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Telegram: Crypto’s Top Chat App Has Become a Favorite of the Drug Trade 

Last Updated October 11, 2023 4:18 PM
Josh Adams
Last Updated October 11, 2023 4:18 PM
Key Takeaways
  • Buying drugs online with cryptocurrency has been a staple of the internet for at least a decade.
  • Users are moving away from darkweb marketplaces to social media to make their purchases.
  • However, even with crypto, things aren’t as private as you think.

Buying drugs used to be a lot simpler. But for over a decade, drug dealers and users have been using cryptocurrencies like Bitcoin (BTC) to facilitate their trade. However, most online drug deals have moved away from darkweb marketplaces and are landing a little closer to home.

According to the same UN report  from July 2023, self-reported purchases of drugs on the darkweb actually declined for the first time in 2022 after years of an upward trend. But, that has created a gap for those still wanting to participate in this illegal trade, leaving Telegram as the unwitting recipient of those looking to buy drugs with cryptocurrency.

Cryptocurrency & Telegram Aren’t Anonymous

Telegram has long been the home of crypto users and advocates, with the app being the default mode of communication for those in the community. In the early days, cryptocurrency quickly gained popularity for drug purchases, making Telegram’s role as a hub for drug trading unsurprising.

A study  cited in the UN report found that about one-tenth of all internet-using drug consumers aged 15–25 bought drugs online. Most online purchases (69 percent in the United States and 86 percent in Spain) were made via social media platforms like Telegram, with the remainder on darknet markets. Although, that doesn’t necessarily mean the drug-buying is a private affair.


Telegram is full of channels and groups where users can buy drugs.
Telegram is full of groups, each with thousands of members, where users can purchase drugs using cryptocurrency. Source: Telegram

Contrary to popular perception, transactions on most public blockchains like Bitcoin and Ethereum (ETH) are trackable by law enforcement and the general public. Although it requires some technical know-how to do.

Furthermore, on-chain analysis tools like Chainalysis have been pitching their services to governments for years. In February 2022, the US announced its Virtual Asset Exploitation Unit (VAXU), a subsection of the FBI focused on blockchain analysis and virtual asset seizure. Virtually every other major economy has started similar programs. 

The rise of blockchain investigators is unlikely to slow down. Chainalysis told the New York Times  that its revenue had increased by 70% over 2022, despite the market downturn. UN agencies are trying to plug the gap in knowledge, too, and are offering training  on cryptocurrencies and darknet investigations to local law enforcement.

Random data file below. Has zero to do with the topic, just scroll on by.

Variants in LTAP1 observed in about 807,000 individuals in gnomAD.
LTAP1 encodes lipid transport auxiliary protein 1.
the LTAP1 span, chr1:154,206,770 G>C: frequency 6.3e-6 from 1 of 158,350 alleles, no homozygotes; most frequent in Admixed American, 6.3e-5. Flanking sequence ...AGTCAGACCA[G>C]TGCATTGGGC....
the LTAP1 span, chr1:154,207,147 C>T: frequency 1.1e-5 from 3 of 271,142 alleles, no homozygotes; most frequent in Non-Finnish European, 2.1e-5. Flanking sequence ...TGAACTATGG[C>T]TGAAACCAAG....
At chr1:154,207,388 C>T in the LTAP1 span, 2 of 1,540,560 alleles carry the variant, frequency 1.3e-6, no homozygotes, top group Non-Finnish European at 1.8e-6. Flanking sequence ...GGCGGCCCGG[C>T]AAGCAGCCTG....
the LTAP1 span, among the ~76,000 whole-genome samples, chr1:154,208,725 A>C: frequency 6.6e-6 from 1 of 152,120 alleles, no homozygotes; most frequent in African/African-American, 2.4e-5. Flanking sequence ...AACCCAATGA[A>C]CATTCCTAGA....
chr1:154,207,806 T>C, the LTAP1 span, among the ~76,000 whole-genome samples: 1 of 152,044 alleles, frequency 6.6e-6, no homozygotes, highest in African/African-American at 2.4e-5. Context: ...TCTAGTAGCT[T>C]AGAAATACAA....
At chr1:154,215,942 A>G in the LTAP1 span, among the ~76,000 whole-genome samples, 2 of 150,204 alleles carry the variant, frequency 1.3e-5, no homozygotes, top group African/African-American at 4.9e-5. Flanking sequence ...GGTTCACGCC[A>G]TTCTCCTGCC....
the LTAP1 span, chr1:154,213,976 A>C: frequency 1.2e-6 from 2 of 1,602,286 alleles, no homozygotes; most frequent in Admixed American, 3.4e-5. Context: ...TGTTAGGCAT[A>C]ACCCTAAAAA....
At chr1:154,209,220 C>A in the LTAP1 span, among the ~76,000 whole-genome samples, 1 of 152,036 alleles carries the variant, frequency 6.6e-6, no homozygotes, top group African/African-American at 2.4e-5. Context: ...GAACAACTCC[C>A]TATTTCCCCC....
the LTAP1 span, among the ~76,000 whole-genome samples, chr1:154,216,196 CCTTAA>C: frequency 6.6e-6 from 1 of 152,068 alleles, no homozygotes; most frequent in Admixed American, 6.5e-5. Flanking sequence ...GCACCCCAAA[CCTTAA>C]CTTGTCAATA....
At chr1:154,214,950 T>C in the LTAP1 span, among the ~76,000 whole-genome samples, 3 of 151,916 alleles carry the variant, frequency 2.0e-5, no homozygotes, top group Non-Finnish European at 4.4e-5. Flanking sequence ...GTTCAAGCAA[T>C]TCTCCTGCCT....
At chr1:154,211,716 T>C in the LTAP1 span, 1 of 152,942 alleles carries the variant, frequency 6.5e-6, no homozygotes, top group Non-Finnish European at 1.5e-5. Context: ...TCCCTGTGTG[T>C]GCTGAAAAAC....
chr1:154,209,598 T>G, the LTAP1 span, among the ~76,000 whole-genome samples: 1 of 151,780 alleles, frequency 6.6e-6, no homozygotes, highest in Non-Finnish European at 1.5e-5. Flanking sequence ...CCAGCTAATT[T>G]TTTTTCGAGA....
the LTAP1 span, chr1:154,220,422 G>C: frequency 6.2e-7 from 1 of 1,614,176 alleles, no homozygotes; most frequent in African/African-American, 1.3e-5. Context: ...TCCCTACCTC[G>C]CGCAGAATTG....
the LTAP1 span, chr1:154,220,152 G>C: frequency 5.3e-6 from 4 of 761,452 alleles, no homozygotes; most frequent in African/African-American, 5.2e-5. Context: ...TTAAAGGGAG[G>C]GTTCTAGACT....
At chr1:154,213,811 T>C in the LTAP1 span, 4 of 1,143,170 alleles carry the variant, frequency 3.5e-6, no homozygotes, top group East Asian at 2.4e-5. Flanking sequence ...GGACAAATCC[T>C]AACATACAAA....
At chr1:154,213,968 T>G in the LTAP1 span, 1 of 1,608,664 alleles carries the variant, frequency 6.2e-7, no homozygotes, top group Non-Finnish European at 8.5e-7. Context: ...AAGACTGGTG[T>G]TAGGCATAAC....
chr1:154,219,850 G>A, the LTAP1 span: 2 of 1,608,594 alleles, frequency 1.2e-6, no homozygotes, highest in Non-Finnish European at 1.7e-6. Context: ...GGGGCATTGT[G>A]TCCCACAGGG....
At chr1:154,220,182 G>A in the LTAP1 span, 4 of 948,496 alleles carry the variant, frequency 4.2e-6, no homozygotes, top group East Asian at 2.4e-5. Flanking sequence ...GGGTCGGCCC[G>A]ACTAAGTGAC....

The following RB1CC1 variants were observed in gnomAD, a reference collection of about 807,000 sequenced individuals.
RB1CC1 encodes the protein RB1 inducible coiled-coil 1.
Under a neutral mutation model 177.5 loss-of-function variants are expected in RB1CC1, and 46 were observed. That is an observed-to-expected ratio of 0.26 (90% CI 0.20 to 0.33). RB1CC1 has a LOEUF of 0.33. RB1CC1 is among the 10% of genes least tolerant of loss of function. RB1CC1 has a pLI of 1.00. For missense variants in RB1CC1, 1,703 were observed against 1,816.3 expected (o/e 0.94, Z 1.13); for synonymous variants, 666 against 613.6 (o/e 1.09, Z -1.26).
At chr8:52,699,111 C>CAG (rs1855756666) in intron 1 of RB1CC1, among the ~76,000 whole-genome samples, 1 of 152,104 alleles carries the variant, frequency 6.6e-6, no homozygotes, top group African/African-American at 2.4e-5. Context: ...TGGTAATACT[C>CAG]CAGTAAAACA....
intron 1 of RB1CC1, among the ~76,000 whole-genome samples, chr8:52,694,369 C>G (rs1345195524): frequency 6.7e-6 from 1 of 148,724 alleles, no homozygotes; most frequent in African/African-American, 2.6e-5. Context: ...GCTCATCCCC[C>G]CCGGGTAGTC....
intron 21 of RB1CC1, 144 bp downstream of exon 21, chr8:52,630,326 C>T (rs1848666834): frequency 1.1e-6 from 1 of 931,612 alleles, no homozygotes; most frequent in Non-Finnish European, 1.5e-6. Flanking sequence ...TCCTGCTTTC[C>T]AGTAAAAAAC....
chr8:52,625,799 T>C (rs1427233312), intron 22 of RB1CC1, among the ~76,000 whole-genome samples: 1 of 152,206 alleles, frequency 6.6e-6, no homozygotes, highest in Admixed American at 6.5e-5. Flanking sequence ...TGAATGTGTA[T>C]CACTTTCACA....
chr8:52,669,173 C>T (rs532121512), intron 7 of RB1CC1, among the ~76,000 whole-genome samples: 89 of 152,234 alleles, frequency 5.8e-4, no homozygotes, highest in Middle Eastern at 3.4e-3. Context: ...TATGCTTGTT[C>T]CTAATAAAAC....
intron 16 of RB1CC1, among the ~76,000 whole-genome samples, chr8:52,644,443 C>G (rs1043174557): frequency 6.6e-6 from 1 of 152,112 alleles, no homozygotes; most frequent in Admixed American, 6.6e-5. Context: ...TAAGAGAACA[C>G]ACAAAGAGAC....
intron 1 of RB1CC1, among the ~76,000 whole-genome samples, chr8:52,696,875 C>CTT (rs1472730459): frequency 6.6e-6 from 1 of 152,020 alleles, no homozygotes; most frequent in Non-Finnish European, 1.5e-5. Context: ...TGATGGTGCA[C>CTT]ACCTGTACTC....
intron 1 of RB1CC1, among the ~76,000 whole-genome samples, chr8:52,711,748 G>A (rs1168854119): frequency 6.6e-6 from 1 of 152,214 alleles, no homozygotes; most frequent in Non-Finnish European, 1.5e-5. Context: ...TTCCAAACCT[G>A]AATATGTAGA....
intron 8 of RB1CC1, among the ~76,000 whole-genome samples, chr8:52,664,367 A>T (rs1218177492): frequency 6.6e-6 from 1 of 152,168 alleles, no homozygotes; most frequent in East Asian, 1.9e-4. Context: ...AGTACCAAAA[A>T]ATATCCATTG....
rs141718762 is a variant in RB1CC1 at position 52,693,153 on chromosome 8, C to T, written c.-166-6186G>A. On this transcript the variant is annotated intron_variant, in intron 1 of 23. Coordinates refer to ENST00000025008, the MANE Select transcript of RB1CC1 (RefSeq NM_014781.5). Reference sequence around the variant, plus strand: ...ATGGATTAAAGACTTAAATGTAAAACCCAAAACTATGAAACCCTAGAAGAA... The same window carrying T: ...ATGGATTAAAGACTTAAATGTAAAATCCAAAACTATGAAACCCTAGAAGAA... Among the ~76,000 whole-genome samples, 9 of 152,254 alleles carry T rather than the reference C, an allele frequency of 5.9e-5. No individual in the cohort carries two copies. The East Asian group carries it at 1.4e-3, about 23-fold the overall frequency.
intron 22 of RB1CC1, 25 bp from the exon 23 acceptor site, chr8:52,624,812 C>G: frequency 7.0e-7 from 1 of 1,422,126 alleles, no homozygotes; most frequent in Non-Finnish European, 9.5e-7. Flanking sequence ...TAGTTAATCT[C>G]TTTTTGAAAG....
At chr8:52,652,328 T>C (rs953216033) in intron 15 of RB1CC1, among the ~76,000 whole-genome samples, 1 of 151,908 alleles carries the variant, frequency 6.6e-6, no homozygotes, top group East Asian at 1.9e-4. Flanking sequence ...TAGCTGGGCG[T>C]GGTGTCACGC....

The risk is that retroactive investigations on the blockchain may reveal historical instances of drug trading, despite how private your messenger app is.

Telegram Isn’t the Privacy Panacea

There are reasons to be worried about its explosion of popularity. Privacy isn’t by default on Telegram, despite what many believe.

In order to enable end-to-end encryption—where only the sender and intended recipient of a message can read it—users must enable its “Secret Chat” mode. There is also worryingly little indication of this feature, which also auto-deletes messages, unless you know where to look.

Without end-to-end encryption, there is a risk that your wallet address ends up implicating you in illegal activity. Telegram’s privacy policy  states that it uses your non-encrypted data to show you ads and only stores data that “Telegram needs to function.” A worryingly broad excuse.

However, whilst the app still doesn’t share direct contents of your messages when in “Secret Chat” mode, Telegram still collects your IP address and phone number. Both data points can be damning when collected with other incriminating evidence—including blockchain analysis.

When CCN contacted Telegram, its team said it “uses a combination of proactive monitoring of public spaces and user reports to remove content promoting the sale of drugs.” Thousands of such groups and channels are removed each month, said a spokesperson.

There is also the cold, hard reality that if law enforcement gains access to your phone, there is a fair chance that they will be able to access to its contents—including your drug-related messages. Unless they were set to auto-delete, of course. 

The Trend Is Likely to Continue

Telegram’s lack of privacy-by-default and the increasing focus on blockchain analysis make buying drugs over the app a risky proposition. But that hasn’t stopped many, and the trend of using crypto to buy drugs on social media is likely to continue.

Telegram has exploded in popularity in recent years.
Number of monthly active Telegram users worldwide from March 2014 to November 2022. Source: Statistica.

According to the UN report, the use of social media like Telegram to buy drugs correlates strongly with age. The youngest age group (16 to 24) showed a strong preference for using social media to buy drugs, while those aged 25 to 34 tended to favor the dark web for drug purchases. 

Telegram’s reliance on human moderation and community reporting will mean there will be no widespread cleansing of the platform anytime soon. Its recent integration with crypto wallets could mean purchasing psychoactive substances becomes easier, and not harder. Just don’t bet against anybody finding out.

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